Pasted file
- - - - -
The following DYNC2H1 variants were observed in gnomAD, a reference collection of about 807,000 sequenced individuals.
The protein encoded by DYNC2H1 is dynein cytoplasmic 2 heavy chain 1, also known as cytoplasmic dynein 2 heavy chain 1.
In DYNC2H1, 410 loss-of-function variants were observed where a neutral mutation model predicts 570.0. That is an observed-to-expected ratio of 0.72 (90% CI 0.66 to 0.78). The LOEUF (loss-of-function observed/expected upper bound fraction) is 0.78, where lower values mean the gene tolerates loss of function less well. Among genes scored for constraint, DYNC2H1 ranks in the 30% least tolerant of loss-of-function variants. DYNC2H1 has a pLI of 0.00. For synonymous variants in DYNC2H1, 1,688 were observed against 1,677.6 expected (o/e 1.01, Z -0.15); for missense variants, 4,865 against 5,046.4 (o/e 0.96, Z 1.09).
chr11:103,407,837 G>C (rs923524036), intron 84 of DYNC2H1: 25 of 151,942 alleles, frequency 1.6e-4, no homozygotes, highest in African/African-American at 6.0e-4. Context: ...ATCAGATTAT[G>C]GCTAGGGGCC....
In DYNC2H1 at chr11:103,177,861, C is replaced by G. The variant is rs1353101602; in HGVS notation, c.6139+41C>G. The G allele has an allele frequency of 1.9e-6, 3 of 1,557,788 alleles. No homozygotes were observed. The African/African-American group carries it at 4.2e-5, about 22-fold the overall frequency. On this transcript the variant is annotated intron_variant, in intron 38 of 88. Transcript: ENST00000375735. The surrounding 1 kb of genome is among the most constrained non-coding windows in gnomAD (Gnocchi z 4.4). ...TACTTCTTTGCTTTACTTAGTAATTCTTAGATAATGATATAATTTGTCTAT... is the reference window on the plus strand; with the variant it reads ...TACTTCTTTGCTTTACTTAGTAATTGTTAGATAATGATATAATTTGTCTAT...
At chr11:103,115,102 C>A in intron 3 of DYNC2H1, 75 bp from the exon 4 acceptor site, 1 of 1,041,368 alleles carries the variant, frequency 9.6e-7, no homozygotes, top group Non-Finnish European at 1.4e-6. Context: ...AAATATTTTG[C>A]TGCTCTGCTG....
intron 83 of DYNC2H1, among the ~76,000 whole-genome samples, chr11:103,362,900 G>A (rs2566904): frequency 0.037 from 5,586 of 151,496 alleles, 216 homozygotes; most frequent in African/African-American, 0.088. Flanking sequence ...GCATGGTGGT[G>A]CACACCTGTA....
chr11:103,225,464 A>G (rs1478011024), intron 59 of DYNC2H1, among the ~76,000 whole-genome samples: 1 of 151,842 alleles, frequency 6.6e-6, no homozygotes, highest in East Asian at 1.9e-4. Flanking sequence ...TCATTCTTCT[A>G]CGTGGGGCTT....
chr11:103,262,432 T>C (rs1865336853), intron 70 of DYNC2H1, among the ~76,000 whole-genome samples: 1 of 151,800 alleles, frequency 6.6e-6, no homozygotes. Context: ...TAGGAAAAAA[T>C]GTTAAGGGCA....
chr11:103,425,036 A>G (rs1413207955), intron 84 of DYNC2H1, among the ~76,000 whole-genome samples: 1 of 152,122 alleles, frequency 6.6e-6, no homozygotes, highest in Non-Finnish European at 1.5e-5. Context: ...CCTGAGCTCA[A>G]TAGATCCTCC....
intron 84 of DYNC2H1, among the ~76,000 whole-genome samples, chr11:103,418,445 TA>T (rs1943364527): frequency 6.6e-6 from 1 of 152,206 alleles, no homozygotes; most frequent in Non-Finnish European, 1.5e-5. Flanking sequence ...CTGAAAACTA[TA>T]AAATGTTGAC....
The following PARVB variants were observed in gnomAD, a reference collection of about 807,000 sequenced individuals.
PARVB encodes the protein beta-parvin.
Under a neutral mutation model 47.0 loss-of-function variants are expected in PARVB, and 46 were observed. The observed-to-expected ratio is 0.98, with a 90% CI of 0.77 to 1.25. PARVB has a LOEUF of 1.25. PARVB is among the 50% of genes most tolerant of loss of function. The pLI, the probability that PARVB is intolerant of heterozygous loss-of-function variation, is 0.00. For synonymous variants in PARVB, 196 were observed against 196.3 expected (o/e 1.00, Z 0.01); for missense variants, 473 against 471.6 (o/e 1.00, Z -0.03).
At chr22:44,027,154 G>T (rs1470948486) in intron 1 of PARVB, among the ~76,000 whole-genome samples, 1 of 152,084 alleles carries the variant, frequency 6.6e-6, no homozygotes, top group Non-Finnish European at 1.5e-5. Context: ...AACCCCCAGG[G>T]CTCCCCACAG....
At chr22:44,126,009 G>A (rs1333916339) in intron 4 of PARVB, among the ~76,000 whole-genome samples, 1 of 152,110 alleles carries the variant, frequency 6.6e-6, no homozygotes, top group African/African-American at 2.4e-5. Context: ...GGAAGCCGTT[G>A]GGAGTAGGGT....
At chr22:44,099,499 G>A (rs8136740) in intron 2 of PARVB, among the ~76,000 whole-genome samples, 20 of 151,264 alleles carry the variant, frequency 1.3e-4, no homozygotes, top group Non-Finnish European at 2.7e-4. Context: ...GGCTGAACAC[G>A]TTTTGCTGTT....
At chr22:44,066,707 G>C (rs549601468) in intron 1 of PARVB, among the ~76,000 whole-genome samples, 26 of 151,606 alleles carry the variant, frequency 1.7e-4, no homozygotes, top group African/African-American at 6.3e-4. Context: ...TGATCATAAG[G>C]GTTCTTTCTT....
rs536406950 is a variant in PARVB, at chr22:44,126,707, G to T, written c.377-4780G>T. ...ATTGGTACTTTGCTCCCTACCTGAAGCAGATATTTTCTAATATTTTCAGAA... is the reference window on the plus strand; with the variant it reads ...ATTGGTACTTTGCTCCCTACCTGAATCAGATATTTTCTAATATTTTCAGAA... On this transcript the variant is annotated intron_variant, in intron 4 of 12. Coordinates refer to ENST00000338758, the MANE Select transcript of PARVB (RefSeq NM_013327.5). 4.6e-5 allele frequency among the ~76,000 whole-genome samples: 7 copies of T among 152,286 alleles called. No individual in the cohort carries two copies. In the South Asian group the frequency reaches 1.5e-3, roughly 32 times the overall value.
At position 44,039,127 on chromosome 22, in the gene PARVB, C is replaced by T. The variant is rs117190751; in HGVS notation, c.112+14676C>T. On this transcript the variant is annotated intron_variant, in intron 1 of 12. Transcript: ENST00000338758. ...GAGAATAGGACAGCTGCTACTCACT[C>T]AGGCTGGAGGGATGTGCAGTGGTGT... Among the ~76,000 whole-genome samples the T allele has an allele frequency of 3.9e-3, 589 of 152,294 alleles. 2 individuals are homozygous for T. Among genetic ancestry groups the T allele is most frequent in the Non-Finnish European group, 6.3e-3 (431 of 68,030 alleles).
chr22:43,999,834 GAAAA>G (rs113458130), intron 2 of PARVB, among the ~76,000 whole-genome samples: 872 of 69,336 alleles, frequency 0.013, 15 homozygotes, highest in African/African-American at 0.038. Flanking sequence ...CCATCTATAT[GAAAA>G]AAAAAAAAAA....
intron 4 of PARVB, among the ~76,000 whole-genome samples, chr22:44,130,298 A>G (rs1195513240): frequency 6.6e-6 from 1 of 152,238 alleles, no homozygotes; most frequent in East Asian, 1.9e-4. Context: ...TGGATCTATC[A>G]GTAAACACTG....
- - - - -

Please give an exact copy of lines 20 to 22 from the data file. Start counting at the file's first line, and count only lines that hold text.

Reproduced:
At position 44,039,127 on chromosome 22, in the gene PARVB, C is replaced by T. The variant is rs117190751; in HGVS notation, c.112+14676C>T. On this transcript the variant is annotated intron_variant, in intron 1 of 12. Transcript: ENST00000338758. ...GAGAATAGGACAGCTGCTACTCACT[C>T]AGGCTGGAGGGATGTGCAGTGGTGT... Among the ~76,000 whole-genome samples the T allele has an allele frequency of 3.9e-3, 589 of 152,294 alleles. 2 individuals are homozygous for T. Among genetic ancestry groups the T allele is most frequent in the Non-Finnish European group, 6.3e-3 (431 of 68,030 alleles).
chr22:43,999,834 GAAAA>G (rs113458130), intron 2 of PARVB, among the ~76,000 whole-genome samples: 872 of 69,336 alleles, frequency 0.013, 15 homozygotes, highest in African/African-American at 0.038. Flanking sequence ...CCATCTATAT[GAAAA>G]AAAAAAAAAA....
intron 4 of PARVB, among the ~76,000 whole-genome samples, chr22:44,130,298 A>G (rs1195513240): frequency 6.6e-6 from 1 of 152,238 alleles, no homozygotes; most frequent in East Asian, 1.9e-4. Context: ...TGGATCTATC[A>G]GTAAACACTG....